Most people who visit Amazon.com and browse through the infinite layers of books and eBooks probably believe (if indeed they actually think about it) that the best favor they can do for an author is to buy their book. But that would be wrong. The best thing they could do for the author is review and rate her book.
My crash course in on-line eBook marketing has exposed me to the vagaries of the virtual book market. Many authors (and I include myself) begin writing with the belief that all that is necessary to sell a book is to write a good book, the naive trust that quality must rise to the surface.
But I have since learned that there are many good books; no, there are very many good books that the average reader browsing the Amazon shelves will never see. That is because these books are buried under layers and layers of other books, many of them inferior, and will never see the light of day. And that is because a book must be read to be appreciated, but to be read it must be found, and to be found among so many books it must be hi-lighted. Reviews are the roadmaps to a book; the more reviews, the more visible the book becomes. And the more visible the book becomes the better the book sells, particularly if it is a good book.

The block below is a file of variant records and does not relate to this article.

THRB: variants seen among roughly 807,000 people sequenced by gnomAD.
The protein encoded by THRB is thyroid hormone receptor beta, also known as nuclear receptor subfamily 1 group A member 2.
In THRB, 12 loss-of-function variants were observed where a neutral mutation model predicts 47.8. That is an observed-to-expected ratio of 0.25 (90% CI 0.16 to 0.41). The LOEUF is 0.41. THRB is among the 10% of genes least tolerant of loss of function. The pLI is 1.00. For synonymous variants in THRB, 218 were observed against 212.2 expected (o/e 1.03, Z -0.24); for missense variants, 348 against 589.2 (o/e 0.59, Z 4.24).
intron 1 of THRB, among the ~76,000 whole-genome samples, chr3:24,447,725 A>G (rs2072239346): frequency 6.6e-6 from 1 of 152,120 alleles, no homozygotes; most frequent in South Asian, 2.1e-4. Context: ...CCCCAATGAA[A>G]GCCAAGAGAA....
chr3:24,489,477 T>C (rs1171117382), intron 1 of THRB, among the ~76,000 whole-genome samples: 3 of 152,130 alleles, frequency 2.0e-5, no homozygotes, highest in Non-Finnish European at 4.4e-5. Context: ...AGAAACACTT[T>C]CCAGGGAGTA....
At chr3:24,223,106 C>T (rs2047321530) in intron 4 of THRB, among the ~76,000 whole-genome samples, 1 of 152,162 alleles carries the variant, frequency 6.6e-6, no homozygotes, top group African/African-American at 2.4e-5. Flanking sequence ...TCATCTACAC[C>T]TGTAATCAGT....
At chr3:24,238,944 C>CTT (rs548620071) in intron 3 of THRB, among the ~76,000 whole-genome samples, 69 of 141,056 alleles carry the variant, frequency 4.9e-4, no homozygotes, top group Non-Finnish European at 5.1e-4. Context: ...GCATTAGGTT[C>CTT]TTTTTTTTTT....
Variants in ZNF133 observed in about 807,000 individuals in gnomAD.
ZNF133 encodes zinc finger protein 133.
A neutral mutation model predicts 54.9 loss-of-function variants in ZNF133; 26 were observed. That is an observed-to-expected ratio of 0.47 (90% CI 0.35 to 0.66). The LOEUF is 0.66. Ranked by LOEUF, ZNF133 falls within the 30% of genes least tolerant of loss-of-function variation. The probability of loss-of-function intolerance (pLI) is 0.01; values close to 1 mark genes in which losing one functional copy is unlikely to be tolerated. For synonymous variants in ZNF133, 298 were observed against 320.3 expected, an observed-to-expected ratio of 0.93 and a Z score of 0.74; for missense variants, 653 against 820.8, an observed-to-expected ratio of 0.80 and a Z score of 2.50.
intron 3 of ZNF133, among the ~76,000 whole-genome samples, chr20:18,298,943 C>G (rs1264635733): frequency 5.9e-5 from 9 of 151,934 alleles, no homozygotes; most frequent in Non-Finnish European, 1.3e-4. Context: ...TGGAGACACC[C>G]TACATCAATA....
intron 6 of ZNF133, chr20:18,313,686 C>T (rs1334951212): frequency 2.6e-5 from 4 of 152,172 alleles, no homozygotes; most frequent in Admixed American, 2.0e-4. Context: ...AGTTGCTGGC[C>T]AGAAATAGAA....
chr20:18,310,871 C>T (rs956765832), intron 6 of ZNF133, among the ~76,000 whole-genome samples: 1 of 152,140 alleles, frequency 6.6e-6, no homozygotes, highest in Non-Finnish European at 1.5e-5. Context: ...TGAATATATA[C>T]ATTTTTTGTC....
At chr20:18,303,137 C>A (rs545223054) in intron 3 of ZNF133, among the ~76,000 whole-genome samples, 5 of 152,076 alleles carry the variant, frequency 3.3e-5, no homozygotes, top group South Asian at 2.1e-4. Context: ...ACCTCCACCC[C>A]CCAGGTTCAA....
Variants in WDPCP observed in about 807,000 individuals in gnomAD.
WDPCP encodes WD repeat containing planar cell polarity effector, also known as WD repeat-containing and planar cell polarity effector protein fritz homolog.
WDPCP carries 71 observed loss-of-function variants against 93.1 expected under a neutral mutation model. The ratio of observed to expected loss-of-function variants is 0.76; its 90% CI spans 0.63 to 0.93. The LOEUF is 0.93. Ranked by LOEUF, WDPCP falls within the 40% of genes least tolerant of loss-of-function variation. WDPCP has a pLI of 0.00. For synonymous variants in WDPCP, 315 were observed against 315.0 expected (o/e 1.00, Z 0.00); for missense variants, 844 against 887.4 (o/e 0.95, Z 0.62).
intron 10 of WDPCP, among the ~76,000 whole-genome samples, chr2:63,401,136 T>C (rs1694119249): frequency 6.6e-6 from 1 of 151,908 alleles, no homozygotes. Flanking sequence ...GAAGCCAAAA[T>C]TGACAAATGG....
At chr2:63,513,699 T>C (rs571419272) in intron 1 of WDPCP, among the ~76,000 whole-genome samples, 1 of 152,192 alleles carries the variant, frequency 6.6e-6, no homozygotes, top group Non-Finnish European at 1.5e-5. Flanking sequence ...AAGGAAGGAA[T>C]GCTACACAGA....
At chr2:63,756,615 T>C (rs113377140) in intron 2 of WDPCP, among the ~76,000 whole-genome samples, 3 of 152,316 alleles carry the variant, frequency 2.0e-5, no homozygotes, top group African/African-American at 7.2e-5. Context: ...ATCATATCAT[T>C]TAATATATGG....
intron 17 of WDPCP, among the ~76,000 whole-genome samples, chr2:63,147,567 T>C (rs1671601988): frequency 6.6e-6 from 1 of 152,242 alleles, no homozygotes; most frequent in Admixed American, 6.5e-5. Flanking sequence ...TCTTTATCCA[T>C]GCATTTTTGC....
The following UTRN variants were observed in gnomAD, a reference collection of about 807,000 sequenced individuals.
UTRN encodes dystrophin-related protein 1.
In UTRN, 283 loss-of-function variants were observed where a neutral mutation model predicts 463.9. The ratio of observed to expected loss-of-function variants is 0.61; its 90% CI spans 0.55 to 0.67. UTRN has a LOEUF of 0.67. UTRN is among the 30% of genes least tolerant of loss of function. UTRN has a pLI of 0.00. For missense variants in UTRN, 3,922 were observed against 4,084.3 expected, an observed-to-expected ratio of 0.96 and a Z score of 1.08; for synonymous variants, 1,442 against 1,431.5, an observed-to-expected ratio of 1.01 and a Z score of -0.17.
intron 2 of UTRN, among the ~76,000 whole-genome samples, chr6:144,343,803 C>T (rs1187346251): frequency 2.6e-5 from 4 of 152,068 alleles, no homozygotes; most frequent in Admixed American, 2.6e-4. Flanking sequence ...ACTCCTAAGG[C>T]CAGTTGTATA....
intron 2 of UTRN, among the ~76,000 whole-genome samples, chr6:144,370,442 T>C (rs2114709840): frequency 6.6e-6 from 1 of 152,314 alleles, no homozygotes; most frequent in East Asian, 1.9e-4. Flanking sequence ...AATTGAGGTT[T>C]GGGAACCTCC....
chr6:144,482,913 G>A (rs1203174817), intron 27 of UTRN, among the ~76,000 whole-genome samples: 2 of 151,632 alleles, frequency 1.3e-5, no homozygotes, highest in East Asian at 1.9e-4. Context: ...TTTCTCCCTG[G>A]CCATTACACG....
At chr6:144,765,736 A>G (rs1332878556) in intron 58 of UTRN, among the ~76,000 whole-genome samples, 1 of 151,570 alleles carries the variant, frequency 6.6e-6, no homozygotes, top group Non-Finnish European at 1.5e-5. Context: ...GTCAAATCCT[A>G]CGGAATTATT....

Amazon applies other factors to its formula, of course, but it is safe to say that the book with 50 reviews will sell well while the book with just one or two, no matter its quality, will not.
Must you have read the book to review it on Amazon? No. But you must be registered on Amazon to review a book. Amazon does track whether you bought the book from their shelves before reviewing it but the review counts none-the-less (although a book that you did buy there will likely get an upward nudge).
And it’s not just Amazon; all the eBook sellers from Apple to Diesel apply similar formulas.
So help a struggling author – review a book!